To install click the Add extension button. That's it.

The source code for the WIKI 2 extension is being checked by specialists of the Mozilla Foundation, Google, and Apple. You could also do it yourself at any point in time. 4,5
Kelly Slayton
Congratulations on this excellent venture… what a great idea!
Alexander Grigorievskiy
I use WIKI 2 every day and almost forgot how the original Wikipedia looks like.
Live Statistics
English Articles
Improved in 24 Hours
Languages
Recent
Show all languages
What we do. Every page goes through several hundred of perfecting techniques; in live mode. Quite the same Wikipedia. Just better.
.
Leo
Newton
Brights
Milds # Location–scale family

In probability theory, especially in mathematical statistics, a location–scale family is a family of probability distributions parametrized by a location parameter and a non-negative scale parameter. For any random variable $X$ whose probability distribution function belongs to such a family, the distribution function of $Y{\stackrel {d}{=}}a+bX$ also belongs to the family (where ${\stackrel {d}{=}}$ means "equal in distribution"—that is, "has the same distribution as"). Moreover, if $X$ and $Y$ are two random variables whose distribution functions are members of the family, and assuming

1. existence of the first two moments and
2. $X$ has zero mean and unit variance,

then $Y$ can be written as $Y{\stackrel {d}{=}}\mu _{Y}+\sigma _{Y}X$ , where $\mu _{Y}$ and $\sigma _{Y}$ are the mean and standard deviation of $Y$ .

In other words, a class $\Omega$ of probability distributions is a location–scale family if for all cumulative distribution functions $F\in \Omega$ and any real numbers $a\in \mathbb {R}$ and $b>0$ , the distribution function $G(x)=F(a+bx)$ is also a member of $\Omega$ .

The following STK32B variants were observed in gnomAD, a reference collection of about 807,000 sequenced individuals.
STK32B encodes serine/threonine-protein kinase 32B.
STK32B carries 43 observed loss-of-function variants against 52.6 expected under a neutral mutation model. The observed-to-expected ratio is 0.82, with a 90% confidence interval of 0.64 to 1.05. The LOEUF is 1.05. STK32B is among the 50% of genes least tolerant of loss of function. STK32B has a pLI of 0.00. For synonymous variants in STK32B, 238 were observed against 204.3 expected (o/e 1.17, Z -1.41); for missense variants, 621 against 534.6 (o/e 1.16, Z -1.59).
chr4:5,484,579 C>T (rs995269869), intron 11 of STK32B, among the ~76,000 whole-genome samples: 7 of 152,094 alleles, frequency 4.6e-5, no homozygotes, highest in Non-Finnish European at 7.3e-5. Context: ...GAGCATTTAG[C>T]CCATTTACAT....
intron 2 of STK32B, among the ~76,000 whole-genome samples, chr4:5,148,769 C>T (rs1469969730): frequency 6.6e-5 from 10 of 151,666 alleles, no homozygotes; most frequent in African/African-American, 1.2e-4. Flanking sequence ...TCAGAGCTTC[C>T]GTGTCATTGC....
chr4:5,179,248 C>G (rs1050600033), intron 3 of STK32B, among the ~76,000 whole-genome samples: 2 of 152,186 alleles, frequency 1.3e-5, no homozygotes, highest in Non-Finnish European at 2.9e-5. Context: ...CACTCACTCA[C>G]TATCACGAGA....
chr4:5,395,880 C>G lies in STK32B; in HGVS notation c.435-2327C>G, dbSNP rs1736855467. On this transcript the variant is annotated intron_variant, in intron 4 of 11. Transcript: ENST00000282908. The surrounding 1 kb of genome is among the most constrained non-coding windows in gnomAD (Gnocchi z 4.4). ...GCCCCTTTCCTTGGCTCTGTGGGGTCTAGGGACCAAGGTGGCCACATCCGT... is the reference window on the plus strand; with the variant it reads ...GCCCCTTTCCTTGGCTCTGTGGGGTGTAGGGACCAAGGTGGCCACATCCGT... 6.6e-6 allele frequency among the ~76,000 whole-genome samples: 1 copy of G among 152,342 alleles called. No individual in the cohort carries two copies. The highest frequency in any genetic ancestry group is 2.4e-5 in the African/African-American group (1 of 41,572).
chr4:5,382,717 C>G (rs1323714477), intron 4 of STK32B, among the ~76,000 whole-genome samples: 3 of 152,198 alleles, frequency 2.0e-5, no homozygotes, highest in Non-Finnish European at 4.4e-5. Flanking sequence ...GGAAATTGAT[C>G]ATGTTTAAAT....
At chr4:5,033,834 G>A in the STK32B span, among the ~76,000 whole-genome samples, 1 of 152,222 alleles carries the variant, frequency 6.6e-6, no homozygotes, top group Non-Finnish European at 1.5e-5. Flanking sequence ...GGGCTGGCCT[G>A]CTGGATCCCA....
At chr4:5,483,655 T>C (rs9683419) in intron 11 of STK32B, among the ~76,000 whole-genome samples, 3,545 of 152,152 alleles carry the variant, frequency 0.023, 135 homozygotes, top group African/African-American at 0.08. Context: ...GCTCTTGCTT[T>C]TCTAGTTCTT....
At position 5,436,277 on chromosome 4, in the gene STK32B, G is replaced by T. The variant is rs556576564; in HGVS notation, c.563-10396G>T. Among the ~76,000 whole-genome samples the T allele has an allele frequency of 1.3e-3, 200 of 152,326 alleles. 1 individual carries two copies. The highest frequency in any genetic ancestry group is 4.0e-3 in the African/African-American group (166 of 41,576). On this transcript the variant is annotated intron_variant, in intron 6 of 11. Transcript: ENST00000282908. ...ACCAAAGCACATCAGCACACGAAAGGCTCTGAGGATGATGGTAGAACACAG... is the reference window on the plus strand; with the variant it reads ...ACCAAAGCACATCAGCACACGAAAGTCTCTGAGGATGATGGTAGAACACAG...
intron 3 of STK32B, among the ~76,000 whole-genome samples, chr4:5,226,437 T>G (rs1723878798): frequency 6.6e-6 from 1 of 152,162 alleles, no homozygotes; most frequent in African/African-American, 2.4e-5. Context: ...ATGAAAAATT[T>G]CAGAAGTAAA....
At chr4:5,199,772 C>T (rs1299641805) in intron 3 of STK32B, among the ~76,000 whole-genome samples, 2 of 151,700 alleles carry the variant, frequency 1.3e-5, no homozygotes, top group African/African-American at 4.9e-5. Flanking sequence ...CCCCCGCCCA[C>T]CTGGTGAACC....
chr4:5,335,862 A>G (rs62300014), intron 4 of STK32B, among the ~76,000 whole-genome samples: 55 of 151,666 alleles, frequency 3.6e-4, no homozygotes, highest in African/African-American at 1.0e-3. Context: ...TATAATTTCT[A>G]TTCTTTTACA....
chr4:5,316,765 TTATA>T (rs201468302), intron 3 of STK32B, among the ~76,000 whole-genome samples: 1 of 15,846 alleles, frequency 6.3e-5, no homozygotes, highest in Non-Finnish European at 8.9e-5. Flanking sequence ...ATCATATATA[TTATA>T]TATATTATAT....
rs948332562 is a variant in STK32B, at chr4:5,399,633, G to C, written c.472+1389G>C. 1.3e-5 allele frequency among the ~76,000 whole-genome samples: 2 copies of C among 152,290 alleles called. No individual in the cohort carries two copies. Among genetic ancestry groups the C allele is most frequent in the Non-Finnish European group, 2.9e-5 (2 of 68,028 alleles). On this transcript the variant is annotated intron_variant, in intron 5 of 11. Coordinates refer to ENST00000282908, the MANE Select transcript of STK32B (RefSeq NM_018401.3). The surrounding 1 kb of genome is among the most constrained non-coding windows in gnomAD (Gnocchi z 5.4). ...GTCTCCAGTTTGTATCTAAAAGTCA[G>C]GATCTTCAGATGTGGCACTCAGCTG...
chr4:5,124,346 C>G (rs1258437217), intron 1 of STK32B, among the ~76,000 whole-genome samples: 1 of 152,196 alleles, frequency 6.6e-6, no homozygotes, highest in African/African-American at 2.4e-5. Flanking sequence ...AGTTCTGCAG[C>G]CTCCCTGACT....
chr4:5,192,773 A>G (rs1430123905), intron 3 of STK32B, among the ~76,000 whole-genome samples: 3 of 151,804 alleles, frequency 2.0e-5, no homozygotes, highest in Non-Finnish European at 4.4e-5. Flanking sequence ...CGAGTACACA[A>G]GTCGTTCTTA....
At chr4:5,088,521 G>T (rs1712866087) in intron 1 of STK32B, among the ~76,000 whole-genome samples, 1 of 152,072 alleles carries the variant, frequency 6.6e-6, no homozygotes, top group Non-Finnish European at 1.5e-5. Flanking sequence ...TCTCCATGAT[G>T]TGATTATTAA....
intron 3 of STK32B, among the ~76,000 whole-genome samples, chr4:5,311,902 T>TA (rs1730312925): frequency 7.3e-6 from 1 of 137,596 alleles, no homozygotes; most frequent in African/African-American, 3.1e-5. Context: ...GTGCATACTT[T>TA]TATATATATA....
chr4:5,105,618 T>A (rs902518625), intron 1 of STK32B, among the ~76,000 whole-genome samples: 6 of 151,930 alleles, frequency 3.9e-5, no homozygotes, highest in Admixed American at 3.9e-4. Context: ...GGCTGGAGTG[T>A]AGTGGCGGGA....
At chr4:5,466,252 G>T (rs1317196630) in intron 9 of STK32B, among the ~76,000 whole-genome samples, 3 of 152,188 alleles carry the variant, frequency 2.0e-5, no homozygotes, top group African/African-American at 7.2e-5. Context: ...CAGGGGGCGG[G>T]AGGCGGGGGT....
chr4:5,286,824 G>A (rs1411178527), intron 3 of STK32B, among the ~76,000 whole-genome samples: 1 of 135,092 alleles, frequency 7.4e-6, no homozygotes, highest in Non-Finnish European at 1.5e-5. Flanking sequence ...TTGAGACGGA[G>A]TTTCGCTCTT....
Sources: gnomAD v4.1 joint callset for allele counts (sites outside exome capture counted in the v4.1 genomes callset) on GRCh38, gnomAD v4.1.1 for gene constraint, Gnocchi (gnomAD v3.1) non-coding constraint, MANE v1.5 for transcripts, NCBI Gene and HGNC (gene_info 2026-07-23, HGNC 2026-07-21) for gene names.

• If $X$ has a cumulative distribution function $F_{X}(x)=P(X\leq x)$ , then $Y{=}a+bX$ has a cumulative distribution function $F_{Y}(y)=F_{X}\left({\frac {y-a}{b}}\right)$ .
• If $X$ is a discrete random variable with probability mass function $p_{X}(x)=P(X=x)$ , then $Y{=}a+bX$ is a discrete random variable with probability mass function $p_{Y}(y)=p_{X}\left({\frac {y-a}{b}}\right)$ .
• If $X$ is a continuous random variable with probability density function $f_{X}(x)$ , then $Y{=}a+bX$ is a continuous random variable with probability density function $f_{Y}(y)={\frac {1}{b}}f_{X}\left({\frac {y-a}{b}}\right)$ .

In decision theory, if all alternative distributions available to a decision-maker are in the same location–scale family, and the first two moments are finite, then a two-moment decision model can apply, and decision-making can be framed in terms of the means and the variances of the distributions.

## Examples

Often, location–scale families are restricted to those where all members have the same functional form. Most location–scale families are univariate, though not all. Well-known families in which the functional form of the distribution is consistent throughout the family include the following:

## Converting a single distribution to a location–scale family

The following shows how to implement a location–scale family in a statistical package or programming environment where only functions for the "standard" version of a distribution are available. It is designed for R but should generalize to any language and library.

The example here is of the Student's t-distribution, which is normally provided in R only in its standard form, with a single degrees of freedom parameter df. The versions below with _ls appended show how to generalize this to a generalized Student's t-distribution with an arbitrary location parameter mu and scale parameter sigma.

 Probability density function (PDF): dt_ls(x, df, mu, sigma) = 1/sigma * dt((x - mu)/sigma, df) Cumulative distribution function (CDF): pt_ls(x, df, mu, sigma) = pt((x - mu)/sigma, df) Quantile function (inverse CDF): qt_ls(prob, df, mu, sigma) = qt(prob, df)*sigma + mu Generate a random variate: rt_ls(df, mu, sigma) = rt(df)*sigma + mu

Note that the generalized functions do not have standard deviation sigma since the standard t distribution does not have standard deviation of 1.

Basis of this page is in Wikipedia. Text is available under the CC BY-SA 3.0 Unported License. Non-text media are available under their specified licenses. Wikipedia® is a registered trademark of the Wikimedia Foundation, Inc. WIKI 2 is an independent company and has no affiliation with Wikimedia Foundation.